More than a trend, dark mode is emerging as a common user preference. While we’ve been busy working a lot of other important improvements (there are seven updates to our changelog in July!), we decided to make dark mode available for WorkOS. Designing a dark mode version of your app comes with its own challenges. In this post, we will share some of the lessons we learned during the implementation of dark mode at WorkOS. If you want to see the end result, you can try WorkOS in dark mode here.
The biggest challenge of any dark theme is meeting the accessibility requirements to ensure users with all ranges of vision can access information. Thankfully, you can mathematically know if two colors have enough contrast by adhering to the Web Content Accessibility Guidelines (WCAG). To get a passing grade (AA), the contrast ratio needs to be at least 4.5:1. Let's take the WorkOS environment badge as an example. Achieving a good contrast ratio is very difficult when using white text on a colored background. Using dark-colored text on a soft-colored background is much easier to read. By applying these changes, we learned another lesson: adding a dark theme can improve the light theme.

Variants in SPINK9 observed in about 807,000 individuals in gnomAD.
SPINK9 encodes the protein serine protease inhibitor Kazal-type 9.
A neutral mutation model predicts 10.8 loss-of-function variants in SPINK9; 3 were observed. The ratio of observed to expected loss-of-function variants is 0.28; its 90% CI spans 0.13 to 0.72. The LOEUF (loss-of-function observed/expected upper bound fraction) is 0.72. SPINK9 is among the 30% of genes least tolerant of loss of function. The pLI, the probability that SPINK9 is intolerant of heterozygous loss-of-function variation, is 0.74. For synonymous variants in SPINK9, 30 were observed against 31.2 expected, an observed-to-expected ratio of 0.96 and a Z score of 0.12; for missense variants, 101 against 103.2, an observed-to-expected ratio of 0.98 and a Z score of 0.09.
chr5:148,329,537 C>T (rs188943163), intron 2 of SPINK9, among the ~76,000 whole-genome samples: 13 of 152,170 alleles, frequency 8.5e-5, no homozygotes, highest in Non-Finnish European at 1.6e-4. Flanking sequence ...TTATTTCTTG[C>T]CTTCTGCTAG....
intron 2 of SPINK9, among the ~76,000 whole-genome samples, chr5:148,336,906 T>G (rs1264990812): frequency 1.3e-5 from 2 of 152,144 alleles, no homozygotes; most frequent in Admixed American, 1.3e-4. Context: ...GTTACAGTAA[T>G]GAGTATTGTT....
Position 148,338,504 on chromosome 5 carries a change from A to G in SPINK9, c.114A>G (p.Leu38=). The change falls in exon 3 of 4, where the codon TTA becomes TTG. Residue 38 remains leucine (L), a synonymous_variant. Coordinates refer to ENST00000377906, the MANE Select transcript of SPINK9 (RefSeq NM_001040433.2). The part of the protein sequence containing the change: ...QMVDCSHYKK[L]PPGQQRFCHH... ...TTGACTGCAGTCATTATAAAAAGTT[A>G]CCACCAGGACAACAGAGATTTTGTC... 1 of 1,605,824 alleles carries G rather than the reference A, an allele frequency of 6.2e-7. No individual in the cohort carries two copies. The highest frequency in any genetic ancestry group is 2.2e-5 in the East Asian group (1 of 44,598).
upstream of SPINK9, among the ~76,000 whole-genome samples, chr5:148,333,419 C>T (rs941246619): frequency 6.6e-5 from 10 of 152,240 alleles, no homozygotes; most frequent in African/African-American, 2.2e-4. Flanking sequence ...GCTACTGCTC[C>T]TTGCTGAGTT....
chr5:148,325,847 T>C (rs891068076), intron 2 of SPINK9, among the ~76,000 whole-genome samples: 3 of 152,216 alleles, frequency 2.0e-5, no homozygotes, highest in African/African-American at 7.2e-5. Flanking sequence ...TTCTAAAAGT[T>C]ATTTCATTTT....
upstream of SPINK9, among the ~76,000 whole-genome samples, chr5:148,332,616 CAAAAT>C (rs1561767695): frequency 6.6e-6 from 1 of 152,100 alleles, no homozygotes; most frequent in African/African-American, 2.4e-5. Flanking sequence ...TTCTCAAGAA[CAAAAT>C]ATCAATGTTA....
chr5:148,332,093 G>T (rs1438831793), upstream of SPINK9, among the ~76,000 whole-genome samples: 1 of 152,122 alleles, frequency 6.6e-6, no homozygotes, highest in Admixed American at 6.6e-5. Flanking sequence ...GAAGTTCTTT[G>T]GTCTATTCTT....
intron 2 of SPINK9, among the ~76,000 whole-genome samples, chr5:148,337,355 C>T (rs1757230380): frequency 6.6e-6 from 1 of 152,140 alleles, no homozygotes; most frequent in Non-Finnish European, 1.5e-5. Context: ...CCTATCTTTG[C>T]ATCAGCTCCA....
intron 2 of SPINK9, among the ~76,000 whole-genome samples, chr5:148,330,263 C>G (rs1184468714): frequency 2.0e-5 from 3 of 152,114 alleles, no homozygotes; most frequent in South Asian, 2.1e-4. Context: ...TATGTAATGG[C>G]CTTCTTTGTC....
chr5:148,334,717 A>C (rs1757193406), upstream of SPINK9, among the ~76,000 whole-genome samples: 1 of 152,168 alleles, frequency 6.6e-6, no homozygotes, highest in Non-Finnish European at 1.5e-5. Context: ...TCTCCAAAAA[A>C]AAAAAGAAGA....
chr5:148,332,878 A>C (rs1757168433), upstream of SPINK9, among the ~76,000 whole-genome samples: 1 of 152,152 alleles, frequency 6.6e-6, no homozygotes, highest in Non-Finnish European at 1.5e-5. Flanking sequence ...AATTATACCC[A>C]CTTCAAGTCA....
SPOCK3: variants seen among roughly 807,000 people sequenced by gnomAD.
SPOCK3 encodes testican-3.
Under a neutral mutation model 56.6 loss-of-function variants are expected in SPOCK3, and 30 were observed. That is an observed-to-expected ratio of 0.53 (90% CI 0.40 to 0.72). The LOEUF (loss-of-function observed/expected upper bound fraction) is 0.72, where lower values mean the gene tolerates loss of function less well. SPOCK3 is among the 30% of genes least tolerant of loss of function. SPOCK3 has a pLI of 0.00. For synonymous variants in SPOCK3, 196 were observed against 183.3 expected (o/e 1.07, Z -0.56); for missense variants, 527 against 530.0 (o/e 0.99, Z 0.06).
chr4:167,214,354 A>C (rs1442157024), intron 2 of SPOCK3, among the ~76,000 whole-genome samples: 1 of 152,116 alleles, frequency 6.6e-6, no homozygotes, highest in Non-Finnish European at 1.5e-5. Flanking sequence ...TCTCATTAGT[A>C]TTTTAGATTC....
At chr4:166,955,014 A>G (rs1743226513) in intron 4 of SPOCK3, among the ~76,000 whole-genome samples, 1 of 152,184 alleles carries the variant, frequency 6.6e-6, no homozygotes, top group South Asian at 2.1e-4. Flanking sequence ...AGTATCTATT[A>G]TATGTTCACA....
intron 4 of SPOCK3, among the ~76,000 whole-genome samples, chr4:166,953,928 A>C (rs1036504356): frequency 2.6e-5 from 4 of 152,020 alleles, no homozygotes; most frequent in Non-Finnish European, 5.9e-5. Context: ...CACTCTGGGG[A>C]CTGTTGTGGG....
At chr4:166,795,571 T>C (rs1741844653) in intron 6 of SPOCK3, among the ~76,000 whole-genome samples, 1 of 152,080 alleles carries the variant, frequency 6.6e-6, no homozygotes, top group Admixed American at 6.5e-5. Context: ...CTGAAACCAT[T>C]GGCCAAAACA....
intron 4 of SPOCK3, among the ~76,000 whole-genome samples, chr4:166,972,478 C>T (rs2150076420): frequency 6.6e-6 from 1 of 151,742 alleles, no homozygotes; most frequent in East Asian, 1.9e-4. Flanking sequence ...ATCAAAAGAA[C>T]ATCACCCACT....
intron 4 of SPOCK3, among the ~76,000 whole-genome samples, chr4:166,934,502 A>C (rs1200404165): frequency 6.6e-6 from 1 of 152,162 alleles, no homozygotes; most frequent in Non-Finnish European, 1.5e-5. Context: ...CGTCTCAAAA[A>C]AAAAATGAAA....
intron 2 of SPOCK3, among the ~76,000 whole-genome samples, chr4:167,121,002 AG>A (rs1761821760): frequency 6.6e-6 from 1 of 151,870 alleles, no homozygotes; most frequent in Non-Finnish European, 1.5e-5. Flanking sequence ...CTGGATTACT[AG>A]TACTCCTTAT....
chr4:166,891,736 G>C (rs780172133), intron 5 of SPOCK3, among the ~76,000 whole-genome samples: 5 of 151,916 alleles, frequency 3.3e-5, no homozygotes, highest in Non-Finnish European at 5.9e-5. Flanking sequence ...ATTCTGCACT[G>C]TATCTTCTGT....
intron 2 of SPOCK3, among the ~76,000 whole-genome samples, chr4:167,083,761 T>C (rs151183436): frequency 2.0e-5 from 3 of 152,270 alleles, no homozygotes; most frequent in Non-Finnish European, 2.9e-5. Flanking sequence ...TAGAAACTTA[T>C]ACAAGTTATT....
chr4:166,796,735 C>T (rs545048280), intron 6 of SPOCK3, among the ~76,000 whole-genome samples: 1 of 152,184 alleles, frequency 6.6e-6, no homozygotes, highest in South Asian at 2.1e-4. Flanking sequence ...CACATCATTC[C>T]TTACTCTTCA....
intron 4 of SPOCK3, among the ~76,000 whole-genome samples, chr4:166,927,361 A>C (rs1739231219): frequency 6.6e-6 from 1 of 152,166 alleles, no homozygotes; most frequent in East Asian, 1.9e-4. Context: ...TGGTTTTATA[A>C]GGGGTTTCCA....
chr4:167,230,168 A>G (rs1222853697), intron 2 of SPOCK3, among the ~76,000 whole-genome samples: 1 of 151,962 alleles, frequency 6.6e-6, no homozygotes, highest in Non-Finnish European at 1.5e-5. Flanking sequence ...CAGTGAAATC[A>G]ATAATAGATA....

One of the first things we did as we embarked on this dark mode journey was to invert all colors. Everything that was pure white (aka #FFF) became pure black (aka #000). The problem is that white has 100% color brightness, and black has 0% color brightness, creating the highest contrast possible. Such a disparity generates intense light levels that overstimulate the eyes. Have you noticed how book publishers don't use pure white paper because the contrast with black ink is too severe? Books printed on cream paper don't cause eye strain. That's why publishers have been using this technique for hundreds of years. The same goes for digital devices. Good dark mode applications use shades of grey instead of pure black. Our solution was to come up with different tones of grey for both light and dark mode.